The Sources of Hydraulic Knowledge. The Formation of Hydraulic Experts in the Southern German Lands, c. 1550–1650
Intervention dans le panel Akteure wasserbaulichen Wissens und institutioneller Wandel im Heiligen Römischen Reich (ca. 1500-1800) [Panel #62]
If the figure of the engineer began to emerge in the early modern period, it was not until the nineteenth century that polytechnic schools offered formal technical training. Before then, engineers learnt their trade just like other craftsmen, through apprenticeships in workshops and on building sites. For many, written sources also played an important role, from contemporary machine books to translations of ancient classics of technical literature. This paper will focus on the specific figure of the hydraulic engineer, asking where hydraulic skills were taught and learnt in the sixteenth and seventeenth centuries. Two locales in particular will be singled out as significant for the training of hydraulic experts: cities and mines.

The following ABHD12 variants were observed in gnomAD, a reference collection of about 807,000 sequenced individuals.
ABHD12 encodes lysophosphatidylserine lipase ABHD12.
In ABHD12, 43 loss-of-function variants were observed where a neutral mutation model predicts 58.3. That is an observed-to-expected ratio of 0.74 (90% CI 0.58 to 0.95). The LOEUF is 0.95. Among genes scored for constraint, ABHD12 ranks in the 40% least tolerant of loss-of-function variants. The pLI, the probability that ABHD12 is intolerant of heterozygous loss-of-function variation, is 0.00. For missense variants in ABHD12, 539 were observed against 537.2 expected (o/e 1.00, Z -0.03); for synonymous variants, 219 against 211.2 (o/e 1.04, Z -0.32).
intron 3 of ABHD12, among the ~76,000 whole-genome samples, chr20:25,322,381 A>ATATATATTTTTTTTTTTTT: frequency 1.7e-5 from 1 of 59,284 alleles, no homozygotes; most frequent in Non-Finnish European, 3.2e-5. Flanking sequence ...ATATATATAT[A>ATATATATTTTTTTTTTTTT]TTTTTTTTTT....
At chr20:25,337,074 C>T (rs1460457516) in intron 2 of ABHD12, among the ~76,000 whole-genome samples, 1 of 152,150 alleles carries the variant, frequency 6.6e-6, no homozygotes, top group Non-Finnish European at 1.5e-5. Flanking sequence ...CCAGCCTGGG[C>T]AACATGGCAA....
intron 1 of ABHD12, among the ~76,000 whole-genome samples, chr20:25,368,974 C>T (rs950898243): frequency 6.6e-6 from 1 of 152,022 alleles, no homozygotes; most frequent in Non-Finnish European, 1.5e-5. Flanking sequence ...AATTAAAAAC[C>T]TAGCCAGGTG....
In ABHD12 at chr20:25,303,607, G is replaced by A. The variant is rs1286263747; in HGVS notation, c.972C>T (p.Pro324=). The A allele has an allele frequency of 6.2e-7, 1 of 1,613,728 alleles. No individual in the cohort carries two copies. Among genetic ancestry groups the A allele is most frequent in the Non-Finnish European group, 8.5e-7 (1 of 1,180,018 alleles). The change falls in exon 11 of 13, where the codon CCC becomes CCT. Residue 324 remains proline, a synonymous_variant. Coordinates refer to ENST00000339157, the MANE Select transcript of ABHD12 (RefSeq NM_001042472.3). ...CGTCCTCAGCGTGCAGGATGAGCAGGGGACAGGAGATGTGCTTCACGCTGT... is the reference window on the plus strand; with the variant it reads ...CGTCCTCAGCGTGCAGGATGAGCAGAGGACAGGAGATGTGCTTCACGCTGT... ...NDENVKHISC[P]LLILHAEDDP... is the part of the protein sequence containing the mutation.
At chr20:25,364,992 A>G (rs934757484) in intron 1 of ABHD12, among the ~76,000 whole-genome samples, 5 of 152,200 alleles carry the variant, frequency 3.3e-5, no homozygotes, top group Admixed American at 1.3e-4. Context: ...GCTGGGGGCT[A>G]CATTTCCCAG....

The free Imperial city of Augsburg was regularly cited in contemporary literature as a prominent centre of hydraulic knowledge: Girolamo Cardano reproduced one of the city’s pumping works in his De Subtilitate (1554), while Henning Groβ dedicated his 1620 German translation of Agostino Ramelli’s machine compendium to the city’s Rat. This prominence was also evident in practice: neighbouring cities and polities regularly asked Augsburg’s municipal officials to provide expert opinions on hydraulic matters. Focusing on how-to manuals and apprenticeship contracts, this paper will analyse the mechanisms of knowledge transmission in the Reichsstadt.
These documents will also highlight the importance of the mining sector as a source of hydraulic expertise, and as a major investor in hydraulic innovations. Many of the hydraulic technologies deployed in urban contexts, indeed, had first been developed and tested underground, in pits and shafts. Accordingly, many of the experts on whose services cities like Augsburg relied had first learnt their trade in mines, which can likened to early modern universities of hydraulics. This paper will focus in particular on the ties between Augsburg and mines in the Tyrol and Upper Hungary (Slovakia).